This is The Anthem, where we’re telling stories behind classic songs by interviewing the people who were really there. This week, we’re touching on AFI’s riotous 2003 single “Girl’s Not Grey.”

In 2003, the bases were loaded for Bay Area hardcore punks AFI. Following the release of five genre-defining albums on the indie powerhouse label Nitro Records, AFI decided to make the jump to the major leagues of DreamWorks Records for the release of their sixth studio album, Sing The Sorrow.

The release propelled them from the humble stages of sweaty punk clubs like 924 Gilman Street to massive arenas, where they’d become mainstream rock darlings who would dominate the airwaves of MTV and TRL for years to come. Possessing a more post-hardcore, goth, and, at times, new-wave sound, Sing The Sorrow served as a perfect transitional record for the beloved group as they ventured into more melodic and accessible territory. 

Despite being written at the eleventh hour, the album's lead single, “Girl’s Not Grey,” ended up being the group's mainstream breakthrough release and went on to become one of the most recognizable songs in their catalog, which remains a permanent staple in their riotous live shows to this day. In the early ‘00s, “Girl’s Not Grey” was almost inescapable, as the music video directed by David Slade (who's since directed movies like The Twilight Saga: Eclipse and 30 Days of Night) constantly played on MTV. The frequent programming made sense, because not only was the track itself a hit, Slade created a stunning, Alice in Wonderland-inspired concept and set design that captured the band’s unparalleled gothic aesthetic, and even helped to introduce recurring themes and characters that became central pieces in AFI’s unique brand of imagery.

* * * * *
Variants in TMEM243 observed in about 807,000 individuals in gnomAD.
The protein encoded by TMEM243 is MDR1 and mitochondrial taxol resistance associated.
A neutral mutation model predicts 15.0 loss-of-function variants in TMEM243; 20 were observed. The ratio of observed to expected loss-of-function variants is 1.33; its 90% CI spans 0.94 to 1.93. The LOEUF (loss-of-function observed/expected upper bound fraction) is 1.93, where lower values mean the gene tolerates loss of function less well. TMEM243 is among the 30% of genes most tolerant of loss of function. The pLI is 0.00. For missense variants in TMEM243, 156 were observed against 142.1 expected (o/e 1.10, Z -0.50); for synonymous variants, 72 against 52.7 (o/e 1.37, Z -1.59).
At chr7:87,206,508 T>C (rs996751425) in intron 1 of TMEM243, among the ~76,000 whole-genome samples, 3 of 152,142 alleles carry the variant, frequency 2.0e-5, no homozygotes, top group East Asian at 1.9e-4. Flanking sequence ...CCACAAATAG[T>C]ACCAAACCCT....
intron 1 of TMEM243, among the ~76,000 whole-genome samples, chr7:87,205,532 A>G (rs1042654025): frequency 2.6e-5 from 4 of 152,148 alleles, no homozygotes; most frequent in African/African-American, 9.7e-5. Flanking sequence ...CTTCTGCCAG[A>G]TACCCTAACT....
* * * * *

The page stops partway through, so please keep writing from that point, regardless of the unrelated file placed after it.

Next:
Centered around melodic guitar lines, locked-in rhythm sections, gang vocals, and the impressive range of the band’s inimitable frontman Davey Havok, “Girl’s Not Grey” could hold a candle to any pop song that was dominating the radio at the time, while still satiating even the most punk purists. Havok’s poetic wordplay, while dark and ambiguous, managed to captivate listeners with ease — even if the majority of people singing along weren't certain they knew what the song was really about. 

afi 2003

[Photo by Matthew Welsh]

The genesis

JADE PUGET (GUITAR): This song is actually different from any other song on [Sing The Sorrow]. We had basically finished writing the record, but at the very end, we decided we would try to write one more song. I needed a change of scenery to get into a different headspace, so I went to Toronto, Ontario to write some more and thought if nothing comes from it that’s fine, because we already had a cool record already. I sat in a hotel room for a few days and wrote the music of the song, as well as the [verse] melody, and came back with just that and showed it to Davey [Havok]. From there, he wrote the lyrics to the verse and I helped come up with the call-and-response thing [in the chorus].